On Sunday July 10, Miami reliever Dustin McGowan retired Ramon Cabrera on a routine groundout, closing out a ho-hum 7-3 win and a series sweep for the Marlins. The Reds record stood at 32-57, a dismal 25 games below .500. The All-Star break provided a merciful interruption to their dreary slide into baseball’s cellar. Joey Votto was hitting .250 and Billy Hamilton’s on-base percentage stood at .283. Homer Bailey was still rehabbing.

As the players and coaches took refuge across the country, it’s hard to imagine any of them expected what was to come. Their fans certainly didn’t.

The following Friday it started with a 5-4 win over Milwaukee. Two days later, they won the series with a 1-0 walk-off victory. Billy Hamilton scored the game’s only run on a passed ball. The Reds followed with series wins against Atlanta and Arizona. The club took their talents on the road and beat the first-place San Francisco Giants at AT&T and the San Diego Padres at Petco Field. They returned home and took 2-out-of-3 from the St. Louis Cardinals. After two narrow series losses in Pittsburgh and St. Louis, the Reds again beat the Brewers and put together a 5-game winning streak against Miami and the Los Angeles Dodgers.

Six weeks after the discouraging end to the season’s first half , the Reds had won eight of ten series and 21 of 33 games. Their overall record stood at 53-69. And it wasn’t all against the Atlantas of the league. The Reds were 9-6 against teams competing for NL postseason slots. That’s a winning record.

Votto had raised his batting average to .307. Hamilton had jumped his OBP to .326. Four starts into Bailey’s season, his SIERA stood at 2.96.

It was a glorious run of much better baseball.

But what, if anything, does the surprising Reds performance those six weeks mean about the future? To make sense of those 33 games, we need to sort out the real from ephemeral. Then we can look to see if anything that went right matters long-term.

Run Production

Prior to the All-Star break, the Reds had scored 4.22 runs/game. For the six weeks after the break, the club hit better, drew more walks, swung at fewer pitches outside the strike zone and struck out less. They did not hit with more power. We know these things because of the beautiful numbers in the EBO (Era of Bridled Optimism) column of this chart:


Prior to the All-Star break, the Reds offense produced runs at a rate 20 percent below league average. During the recent surge, they were 5 percent above.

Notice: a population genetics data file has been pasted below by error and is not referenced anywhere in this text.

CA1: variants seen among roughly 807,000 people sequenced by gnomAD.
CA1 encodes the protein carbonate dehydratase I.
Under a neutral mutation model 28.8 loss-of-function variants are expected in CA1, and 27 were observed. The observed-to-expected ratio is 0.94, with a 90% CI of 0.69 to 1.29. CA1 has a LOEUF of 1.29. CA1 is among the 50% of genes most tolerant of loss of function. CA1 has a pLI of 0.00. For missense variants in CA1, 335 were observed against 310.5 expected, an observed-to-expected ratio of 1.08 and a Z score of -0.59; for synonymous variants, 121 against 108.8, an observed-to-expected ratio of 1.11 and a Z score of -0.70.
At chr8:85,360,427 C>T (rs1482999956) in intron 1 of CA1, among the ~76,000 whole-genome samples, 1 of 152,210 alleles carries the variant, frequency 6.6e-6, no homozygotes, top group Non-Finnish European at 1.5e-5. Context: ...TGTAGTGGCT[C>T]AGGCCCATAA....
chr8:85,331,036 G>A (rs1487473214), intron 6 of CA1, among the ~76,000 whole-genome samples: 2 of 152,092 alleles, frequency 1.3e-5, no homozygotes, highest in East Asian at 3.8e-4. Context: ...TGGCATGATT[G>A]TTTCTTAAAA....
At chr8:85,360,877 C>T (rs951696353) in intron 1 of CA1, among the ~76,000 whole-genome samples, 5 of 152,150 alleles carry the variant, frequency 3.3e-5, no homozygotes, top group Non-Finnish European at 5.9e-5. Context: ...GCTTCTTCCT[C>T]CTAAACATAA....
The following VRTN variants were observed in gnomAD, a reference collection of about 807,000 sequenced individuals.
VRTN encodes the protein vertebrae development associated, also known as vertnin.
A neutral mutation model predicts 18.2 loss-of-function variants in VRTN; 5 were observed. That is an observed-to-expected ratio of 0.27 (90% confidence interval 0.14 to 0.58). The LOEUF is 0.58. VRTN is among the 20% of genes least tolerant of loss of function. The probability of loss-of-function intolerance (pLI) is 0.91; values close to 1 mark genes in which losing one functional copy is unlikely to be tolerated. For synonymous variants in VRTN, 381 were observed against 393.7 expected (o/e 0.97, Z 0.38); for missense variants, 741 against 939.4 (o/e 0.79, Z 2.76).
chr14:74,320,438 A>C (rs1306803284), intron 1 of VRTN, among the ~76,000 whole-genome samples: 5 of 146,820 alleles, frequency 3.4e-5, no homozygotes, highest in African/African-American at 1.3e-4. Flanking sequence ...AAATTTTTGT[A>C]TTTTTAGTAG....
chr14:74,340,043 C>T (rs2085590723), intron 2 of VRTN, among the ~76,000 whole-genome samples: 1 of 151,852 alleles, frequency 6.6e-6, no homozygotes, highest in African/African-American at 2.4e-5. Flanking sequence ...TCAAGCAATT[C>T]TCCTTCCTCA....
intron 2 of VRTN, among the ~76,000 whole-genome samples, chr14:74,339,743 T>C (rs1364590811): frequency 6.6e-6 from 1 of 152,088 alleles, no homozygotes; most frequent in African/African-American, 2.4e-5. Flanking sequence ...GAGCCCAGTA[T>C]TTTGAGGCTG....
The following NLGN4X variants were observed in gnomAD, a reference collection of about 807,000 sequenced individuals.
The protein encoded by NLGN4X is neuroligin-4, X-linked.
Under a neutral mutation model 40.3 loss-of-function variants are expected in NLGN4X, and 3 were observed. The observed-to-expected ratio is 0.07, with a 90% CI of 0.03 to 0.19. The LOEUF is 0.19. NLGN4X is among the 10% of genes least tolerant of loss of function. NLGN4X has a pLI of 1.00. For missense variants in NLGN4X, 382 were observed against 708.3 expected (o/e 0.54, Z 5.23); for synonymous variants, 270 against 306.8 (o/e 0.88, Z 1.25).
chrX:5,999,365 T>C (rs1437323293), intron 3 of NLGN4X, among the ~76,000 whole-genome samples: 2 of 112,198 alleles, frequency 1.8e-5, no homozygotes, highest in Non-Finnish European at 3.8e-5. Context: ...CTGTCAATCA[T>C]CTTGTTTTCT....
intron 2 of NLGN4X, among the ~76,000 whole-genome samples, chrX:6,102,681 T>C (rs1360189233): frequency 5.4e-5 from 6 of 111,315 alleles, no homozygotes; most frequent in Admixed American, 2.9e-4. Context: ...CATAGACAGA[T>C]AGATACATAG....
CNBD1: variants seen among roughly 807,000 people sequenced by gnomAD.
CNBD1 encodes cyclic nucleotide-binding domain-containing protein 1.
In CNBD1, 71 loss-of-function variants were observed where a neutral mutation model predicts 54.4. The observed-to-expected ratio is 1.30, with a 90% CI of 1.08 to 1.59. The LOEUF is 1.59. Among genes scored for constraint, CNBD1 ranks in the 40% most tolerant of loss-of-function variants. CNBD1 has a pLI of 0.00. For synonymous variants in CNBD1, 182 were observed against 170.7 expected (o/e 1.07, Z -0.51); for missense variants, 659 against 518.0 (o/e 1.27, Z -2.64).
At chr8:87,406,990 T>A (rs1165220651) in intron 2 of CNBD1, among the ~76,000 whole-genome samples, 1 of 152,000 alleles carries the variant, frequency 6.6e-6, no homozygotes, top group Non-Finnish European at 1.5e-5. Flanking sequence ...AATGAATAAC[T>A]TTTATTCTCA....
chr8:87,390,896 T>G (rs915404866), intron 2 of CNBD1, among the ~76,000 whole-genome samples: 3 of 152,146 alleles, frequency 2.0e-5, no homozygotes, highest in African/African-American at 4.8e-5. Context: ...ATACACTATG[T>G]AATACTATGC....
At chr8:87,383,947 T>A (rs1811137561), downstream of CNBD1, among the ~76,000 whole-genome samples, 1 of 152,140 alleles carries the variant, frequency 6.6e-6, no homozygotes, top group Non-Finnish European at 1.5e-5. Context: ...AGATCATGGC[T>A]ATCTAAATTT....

Did you hear that? The Reds offense was better than average!

Run scoring during the six weeks was 5.21 r/g, an increase of one run per game. Remember that, one run more per game.

Run Prevention

Run prevention is based on a combination of pitching and defense. Prior to the All-Star break, the Reds gave up 5.96 runs/game. During the next six weeks, they struck out more batters, walked fewer, induced more ground balls, had better luck wth  home runs, gave up fewer hard-hit balls and caused more swings-and-misses. Here’s another sexy chart, try not to faint:


National League second-half SIERA is 4.20. (Remember, SIERA is on the same scale as ERA, just less prone to a bunch of factors extraneous to what the pitcher actually does. SIERA is the smart cousin of ERA.)

For those six weeks, Reds pitchers were a full quarter-run better than NL average. That’s actually a lot.

Better than average in pitching, too!

The pitching BABIP (batting average on balls in play) dropped from .291 to .281. League average is .297. One reason the Reds BABIP is below league average is their defense. They convert more hit balls into outs than all but seven other teams. That stat is called Defensive Efficiency and it simply measures the percent of balls put into play that the team converts into outs. The Reds rank #8 in MLB in Defensive Efficiency. Other things equal, defensive efficiency lowers team BABIP.

Note: It’s hard to disentangle pitching from defense, especially if you believe good pitching produces weaker contact. Soft-hit baseballs are easier to field.

During the good run, the Reds pitcher BABIP was just .281. That lower number may be due to the team playing better defense or to good luck. Monthly splits for defensive data are scarce. What does exist indicates the Reds defense may be have been a little sharper the past six weeks. Either way, lower BABIP meant more runners stranded on base and fewer runs given up.

The Reds gave up 3.67 runs/game during the six weeks of fun baseball, more than two runs lower than the period before the All-Star Game. Two runs lower.